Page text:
In Egypt’s case, it appears that much energy has gone toward maintaining a culture of “not rocking the boat” or “honoring leaders” for a very long time. In Family Businesses, conflicts that are ignored or mismanaged, even for seemingly good reasons, might also be deflecting energy away from solving root problems or issues. The real dilemma comes when the practice of ignoring or mismanaging conflict starts creating chronic challenges that undermine trust, dampen innovation and produce disengagement. In a Family Business the repercussion of these challenges have significant consequences for both business and family.

Anticipating and strategizing ways that conflict can be managed in a way that converges energy toward solving a problem or challenge is more likely to provide a healthy benefit to the organization and individuals working together to address it

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Sibling Revelry

Kent Rhodes

“Siblings bring a unique dynamic to family businesses. The sibling relationship, arguably the longest of life’s relationships, add some of the most rewarding – and some of the most complex –  aspects to life in and outside the business. It is not unusual for these complex aspects to become magnified when operating and growing a business handed to them by founding parents.

This process comes with tremendous challenges for siblings to fill the shoes of a founder while simultaneously figuring out how to move from a single leader model to working as a leadership team. Questions like who is equipped to lead, what kind of leadership/management configuration will be employed, who will serve on a board, and who will be simply “proud owners’, are just a few of complex issues that a sibling team will address.

One question that will be addressed in an upcoming Webinar, May 18 is how can siblings prepare themselves to be effective leaders of the family business? Besides completing degrees in appropriate management or leadership fields, siblings can also position themselves for success  in many important ways by working explicitly on their partnership, for example, by committing to weekly or monthly owner’s check-in meetings to talk about the business in terms of the family’s interaction with it and with each other. This meeting should be in addition to any “official” board meeting or executive management meeting and can improve communication while staving off some of the challenges that come with sibling teams.”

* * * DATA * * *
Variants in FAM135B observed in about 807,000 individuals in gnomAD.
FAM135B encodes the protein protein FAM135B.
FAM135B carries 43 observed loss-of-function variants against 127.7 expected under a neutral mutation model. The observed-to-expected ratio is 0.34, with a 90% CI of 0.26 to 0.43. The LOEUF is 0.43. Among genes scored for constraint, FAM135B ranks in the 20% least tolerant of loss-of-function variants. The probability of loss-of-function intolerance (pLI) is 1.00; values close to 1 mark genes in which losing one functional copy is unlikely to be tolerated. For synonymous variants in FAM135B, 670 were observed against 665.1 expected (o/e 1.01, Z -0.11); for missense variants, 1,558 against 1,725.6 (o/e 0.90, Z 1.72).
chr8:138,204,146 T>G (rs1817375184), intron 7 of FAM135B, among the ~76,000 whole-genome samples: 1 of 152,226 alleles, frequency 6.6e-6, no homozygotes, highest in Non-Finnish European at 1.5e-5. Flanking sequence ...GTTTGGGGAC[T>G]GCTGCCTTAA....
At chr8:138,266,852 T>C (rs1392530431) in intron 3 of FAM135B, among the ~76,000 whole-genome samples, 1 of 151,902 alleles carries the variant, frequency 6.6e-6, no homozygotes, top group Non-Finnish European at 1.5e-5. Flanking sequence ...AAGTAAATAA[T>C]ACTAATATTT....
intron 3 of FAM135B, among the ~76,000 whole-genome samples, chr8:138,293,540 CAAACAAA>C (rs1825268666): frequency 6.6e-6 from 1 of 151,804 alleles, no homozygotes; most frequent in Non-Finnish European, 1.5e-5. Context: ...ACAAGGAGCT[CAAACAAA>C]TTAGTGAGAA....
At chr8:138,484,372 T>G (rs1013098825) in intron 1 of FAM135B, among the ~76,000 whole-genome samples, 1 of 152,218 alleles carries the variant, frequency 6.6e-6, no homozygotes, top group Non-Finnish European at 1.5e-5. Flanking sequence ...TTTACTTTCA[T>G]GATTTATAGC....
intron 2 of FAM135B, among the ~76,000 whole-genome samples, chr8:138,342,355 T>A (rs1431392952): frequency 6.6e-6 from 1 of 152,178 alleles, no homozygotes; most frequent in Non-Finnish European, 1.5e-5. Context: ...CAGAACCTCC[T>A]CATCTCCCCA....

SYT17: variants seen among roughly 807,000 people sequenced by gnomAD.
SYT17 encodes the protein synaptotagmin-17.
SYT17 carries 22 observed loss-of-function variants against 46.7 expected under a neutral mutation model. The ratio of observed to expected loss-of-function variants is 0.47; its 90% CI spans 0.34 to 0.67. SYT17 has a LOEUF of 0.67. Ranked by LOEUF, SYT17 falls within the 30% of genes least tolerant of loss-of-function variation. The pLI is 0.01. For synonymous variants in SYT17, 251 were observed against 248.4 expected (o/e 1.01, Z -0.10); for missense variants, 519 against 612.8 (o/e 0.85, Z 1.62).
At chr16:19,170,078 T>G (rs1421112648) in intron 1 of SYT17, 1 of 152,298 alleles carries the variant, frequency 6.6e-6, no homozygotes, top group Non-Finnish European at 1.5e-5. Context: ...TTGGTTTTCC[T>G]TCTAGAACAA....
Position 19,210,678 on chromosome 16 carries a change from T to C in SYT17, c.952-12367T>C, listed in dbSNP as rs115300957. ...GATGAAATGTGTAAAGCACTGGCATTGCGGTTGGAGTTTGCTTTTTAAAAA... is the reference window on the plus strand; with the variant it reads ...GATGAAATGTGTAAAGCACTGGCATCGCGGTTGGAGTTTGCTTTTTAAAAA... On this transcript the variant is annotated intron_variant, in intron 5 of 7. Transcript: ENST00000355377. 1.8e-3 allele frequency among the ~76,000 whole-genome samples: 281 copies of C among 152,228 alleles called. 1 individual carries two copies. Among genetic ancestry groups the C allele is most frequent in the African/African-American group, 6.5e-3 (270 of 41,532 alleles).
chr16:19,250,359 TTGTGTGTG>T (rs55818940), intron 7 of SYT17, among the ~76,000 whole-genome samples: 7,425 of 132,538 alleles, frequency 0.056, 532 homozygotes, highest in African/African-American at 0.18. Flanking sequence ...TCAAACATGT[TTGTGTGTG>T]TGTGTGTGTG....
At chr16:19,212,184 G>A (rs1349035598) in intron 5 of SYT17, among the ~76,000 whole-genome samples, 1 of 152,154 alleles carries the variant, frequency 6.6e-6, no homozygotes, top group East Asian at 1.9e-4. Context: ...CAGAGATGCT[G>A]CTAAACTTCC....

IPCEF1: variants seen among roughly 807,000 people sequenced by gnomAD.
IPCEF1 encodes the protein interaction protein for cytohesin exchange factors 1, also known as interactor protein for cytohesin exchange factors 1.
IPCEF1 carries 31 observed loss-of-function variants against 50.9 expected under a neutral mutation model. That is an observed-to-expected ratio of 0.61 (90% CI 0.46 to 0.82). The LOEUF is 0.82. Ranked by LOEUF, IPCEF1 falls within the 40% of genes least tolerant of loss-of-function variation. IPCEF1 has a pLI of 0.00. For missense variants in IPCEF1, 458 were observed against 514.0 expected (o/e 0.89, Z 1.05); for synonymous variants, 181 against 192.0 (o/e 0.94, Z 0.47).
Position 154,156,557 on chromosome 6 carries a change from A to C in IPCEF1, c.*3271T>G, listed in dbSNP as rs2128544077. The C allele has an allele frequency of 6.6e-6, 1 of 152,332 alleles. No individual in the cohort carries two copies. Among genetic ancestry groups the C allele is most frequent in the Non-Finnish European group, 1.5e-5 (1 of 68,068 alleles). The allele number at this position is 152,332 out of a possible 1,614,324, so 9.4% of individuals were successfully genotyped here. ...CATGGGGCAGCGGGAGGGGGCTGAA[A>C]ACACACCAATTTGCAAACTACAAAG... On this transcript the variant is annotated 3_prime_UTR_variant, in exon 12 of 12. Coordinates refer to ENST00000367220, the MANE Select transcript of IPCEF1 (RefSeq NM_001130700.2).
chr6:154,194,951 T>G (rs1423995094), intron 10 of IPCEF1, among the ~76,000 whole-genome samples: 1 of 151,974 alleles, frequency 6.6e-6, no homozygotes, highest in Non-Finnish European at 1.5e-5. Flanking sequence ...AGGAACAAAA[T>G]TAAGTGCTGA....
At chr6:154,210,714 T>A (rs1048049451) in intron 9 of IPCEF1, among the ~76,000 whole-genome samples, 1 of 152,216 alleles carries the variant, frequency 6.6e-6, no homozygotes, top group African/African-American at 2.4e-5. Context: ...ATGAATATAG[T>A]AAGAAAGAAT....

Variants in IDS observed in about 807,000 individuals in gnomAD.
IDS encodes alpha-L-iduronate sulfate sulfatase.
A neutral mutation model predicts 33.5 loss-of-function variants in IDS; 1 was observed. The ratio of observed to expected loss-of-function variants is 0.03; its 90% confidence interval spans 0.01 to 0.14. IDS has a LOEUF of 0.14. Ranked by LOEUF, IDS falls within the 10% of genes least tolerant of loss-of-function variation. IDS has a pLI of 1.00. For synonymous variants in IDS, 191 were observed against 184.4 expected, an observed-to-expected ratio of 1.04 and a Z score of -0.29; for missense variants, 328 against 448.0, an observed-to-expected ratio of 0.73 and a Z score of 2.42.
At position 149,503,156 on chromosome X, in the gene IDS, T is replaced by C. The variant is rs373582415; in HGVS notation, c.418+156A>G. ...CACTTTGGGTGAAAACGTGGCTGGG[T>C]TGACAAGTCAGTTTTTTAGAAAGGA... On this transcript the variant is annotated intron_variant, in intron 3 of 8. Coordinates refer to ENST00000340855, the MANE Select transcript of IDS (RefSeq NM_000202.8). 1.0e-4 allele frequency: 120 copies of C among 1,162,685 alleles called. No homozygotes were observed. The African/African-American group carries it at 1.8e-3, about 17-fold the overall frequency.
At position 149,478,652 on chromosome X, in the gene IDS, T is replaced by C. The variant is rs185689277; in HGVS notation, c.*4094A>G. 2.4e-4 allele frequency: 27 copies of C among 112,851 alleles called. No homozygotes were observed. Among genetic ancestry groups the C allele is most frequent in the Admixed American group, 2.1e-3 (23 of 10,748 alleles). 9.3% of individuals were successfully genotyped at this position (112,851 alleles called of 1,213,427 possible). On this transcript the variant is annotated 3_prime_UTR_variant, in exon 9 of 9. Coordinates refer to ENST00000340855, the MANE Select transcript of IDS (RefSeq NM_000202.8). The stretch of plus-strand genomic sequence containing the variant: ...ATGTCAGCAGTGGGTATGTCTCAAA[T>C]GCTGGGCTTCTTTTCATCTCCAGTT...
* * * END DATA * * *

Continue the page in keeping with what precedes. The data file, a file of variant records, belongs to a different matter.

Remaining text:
For additional information or to register for the May 18 webinar click here.

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“Workplace Spirituality” in Family Firms

Kent Rhodes

One of the hallmarks of workplace spirituality, particularly in family owned businesses, is commitment to the development of people. Many businesses have begun to realize the benefits of treating a person as a whole rather than as an employee by actively supporting their professional and personal development that promotes personal growth and long-term character development. This is particularly evident in successful family businesses that understand the link between employee personal growth and learning with job performance, satisfaction and retention. This emphasis includes providing resources that help employees better understand themselves, develop successful professional and personal relationships, and enhance personal management skills. In family firms, developing people is usually a natural outcome of extending the family feel of the place to employees beyond blood relatives. Long time non-family managers are treated more like siblings, sons, and daughters that bring a love and commitment to the founding family that tends to extend throughout the organization.

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Workplace Spirituality

Kent Rhodes

Workplace spirituality has continued to gain acceptance as a topic of study in B-schools across the country, presumably with application to practice within organizations. Though it may have been initially viewed as a passing fad, it now seems to have reached trend status that is distinct from religious connotation. In fact, even management textbooks routinely include sections about “workplace spirituality” and professional organizations like the Academy of Management offer membership in special interest groups emphasizing spirituality.